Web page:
to win a Super Bowl than the one he has chosen. More
details to come…

Jarrett Carlen: I agree that San Francisco would
have been the best choice for Manning. Of all the
potential suitors, they were the best team last year, and
they also return almost all of their starters. The reason
Manning should have gone there is the same reason that
Arizona would not have been the optimal selection. The
49ers were one of the best teams in the NFC last year and
they, of course, play in the Cardinals’ division. The
Cards finished 8-8 and were several games behind the
Niners. The Denver Broncos, on the other hand, won their
division with an 8-8 record. And while the NFC West got
better this offseason (the Seahawks get Matt Flynn, the
Rams get a healthy Sam Bradford and a ton of draft picks,
the Niners get Randy Moss and Mario Manningham) the AFC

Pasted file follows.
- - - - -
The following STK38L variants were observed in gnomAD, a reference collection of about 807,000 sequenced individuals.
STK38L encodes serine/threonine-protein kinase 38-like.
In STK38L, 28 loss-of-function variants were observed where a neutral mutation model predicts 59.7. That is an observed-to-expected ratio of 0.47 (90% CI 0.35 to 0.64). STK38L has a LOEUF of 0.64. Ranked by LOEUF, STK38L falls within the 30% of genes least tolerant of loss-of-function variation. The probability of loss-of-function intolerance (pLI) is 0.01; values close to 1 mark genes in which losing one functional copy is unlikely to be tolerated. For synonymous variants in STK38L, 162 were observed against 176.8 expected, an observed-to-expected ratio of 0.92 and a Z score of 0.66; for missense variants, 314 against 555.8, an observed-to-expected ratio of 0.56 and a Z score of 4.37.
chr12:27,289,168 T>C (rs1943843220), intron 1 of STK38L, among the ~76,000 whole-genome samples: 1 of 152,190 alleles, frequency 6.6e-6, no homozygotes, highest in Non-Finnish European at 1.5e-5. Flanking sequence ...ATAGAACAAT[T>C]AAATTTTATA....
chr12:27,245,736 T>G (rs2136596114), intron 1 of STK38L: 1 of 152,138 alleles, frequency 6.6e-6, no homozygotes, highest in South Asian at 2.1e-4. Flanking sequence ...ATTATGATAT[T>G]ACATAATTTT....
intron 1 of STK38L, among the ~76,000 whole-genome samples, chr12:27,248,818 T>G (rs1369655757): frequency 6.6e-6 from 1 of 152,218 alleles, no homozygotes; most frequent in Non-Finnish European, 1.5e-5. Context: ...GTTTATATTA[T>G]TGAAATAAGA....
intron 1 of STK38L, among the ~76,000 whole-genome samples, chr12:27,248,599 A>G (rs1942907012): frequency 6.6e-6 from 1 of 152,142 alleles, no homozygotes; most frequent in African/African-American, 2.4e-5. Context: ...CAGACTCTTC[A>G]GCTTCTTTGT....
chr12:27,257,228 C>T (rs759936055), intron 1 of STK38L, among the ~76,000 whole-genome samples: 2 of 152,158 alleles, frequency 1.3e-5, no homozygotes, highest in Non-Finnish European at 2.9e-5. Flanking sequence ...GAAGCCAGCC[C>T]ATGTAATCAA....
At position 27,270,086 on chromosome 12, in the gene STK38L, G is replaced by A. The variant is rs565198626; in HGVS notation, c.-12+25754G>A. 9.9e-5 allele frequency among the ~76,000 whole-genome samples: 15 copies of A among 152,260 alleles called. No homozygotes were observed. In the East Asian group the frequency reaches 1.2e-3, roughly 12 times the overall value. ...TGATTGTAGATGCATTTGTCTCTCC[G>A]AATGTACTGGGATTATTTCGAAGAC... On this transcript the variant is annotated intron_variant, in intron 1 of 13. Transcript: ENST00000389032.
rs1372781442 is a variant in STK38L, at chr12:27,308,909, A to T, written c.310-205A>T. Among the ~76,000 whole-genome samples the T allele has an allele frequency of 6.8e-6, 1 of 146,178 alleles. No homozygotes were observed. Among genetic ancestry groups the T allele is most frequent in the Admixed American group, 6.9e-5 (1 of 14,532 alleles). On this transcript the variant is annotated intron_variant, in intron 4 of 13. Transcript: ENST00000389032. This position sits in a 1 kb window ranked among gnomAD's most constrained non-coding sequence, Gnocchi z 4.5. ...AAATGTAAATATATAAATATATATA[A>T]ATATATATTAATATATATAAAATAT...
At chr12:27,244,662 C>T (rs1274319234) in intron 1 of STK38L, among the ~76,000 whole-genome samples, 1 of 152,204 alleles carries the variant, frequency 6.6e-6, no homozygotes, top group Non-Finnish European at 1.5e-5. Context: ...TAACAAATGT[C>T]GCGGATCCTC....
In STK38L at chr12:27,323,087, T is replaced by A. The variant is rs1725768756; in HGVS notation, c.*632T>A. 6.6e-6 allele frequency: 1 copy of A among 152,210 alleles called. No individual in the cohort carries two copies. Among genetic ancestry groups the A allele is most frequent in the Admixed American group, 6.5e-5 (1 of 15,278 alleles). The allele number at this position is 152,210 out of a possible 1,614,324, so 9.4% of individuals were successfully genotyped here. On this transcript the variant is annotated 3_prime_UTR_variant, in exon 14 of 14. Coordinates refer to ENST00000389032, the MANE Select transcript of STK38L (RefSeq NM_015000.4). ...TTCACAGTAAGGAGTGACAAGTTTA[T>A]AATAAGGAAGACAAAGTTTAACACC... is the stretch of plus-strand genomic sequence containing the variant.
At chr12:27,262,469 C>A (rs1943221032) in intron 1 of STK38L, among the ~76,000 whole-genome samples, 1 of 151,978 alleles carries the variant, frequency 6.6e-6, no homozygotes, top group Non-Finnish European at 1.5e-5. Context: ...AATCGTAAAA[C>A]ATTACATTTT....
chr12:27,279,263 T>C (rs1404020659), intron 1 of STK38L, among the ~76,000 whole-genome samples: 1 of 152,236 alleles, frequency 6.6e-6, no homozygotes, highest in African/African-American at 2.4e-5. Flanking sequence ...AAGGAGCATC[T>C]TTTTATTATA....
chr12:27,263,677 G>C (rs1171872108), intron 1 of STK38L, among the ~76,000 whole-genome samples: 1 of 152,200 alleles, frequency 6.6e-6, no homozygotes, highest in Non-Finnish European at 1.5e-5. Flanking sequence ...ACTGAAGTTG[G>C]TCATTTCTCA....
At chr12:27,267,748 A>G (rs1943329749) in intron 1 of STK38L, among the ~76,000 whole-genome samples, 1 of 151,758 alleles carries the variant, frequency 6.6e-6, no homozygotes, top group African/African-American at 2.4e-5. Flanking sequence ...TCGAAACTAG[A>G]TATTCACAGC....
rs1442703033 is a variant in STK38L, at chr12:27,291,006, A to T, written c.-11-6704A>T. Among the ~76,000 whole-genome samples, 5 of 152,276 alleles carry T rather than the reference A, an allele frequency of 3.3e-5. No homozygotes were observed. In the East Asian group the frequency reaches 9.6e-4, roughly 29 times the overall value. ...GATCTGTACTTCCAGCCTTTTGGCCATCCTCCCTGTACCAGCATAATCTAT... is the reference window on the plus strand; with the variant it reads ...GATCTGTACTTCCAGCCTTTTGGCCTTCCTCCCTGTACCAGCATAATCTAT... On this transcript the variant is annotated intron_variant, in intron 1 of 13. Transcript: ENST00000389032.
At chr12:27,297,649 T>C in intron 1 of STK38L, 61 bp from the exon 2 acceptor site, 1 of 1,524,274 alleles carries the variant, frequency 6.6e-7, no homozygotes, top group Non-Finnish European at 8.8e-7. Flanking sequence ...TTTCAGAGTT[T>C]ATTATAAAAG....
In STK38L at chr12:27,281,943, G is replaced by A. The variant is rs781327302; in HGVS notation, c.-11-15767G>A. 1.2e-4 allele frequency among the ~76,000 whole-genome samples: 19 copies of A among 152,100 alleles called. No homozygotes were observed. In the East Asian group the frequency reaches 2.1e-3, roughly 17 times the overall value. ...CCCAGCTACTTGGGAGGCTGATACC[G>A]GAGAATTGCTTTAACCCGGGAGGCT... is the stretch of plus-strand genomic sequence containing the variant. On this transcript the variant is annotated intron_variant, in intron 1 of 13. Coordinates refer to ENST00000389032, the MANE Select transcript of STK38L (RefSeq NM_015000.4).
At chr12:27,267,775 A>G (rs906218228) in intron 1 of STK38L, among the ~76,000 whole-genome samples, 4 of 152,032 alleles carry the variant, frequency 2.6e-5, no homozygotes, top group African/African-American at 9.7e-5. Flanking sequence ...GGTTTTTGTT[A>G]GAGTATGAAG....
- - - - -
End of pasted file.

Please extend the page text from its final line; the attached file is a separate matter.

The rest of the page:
West basically stood pat. Outside the division, the AFC,
as a whole, offers the easier road to the Super Bowl.
Instead of having to go through young, powerful teams like
Green Bay, New Orleans, San Francisco and the New York
Giants, Peyton now only has to get past aging contenders
like Pittsburgh, New England and Baltimore. Because of
their division and conference, the Broncos provide Manning
with the best chance at winning a championship. And that’s
without even going into their personnel advantages….

Rod Lakin: I promised details, so I’ll begin with
a few: The top 6 pass defenses in the NFL are all AFC
teams. Eight of the top 10 are AFC. Eleven of the top
15, and so on… So who can seriously assert that the road
through the AFC is “easier?” Of the three contenders you
named, two could be could be considered “aging,” but
Terrell Suggs, Haloti Ngata, Troy Polamalu, LaMarr Woodley
are all 30 or younger. These “contenders” aren’t going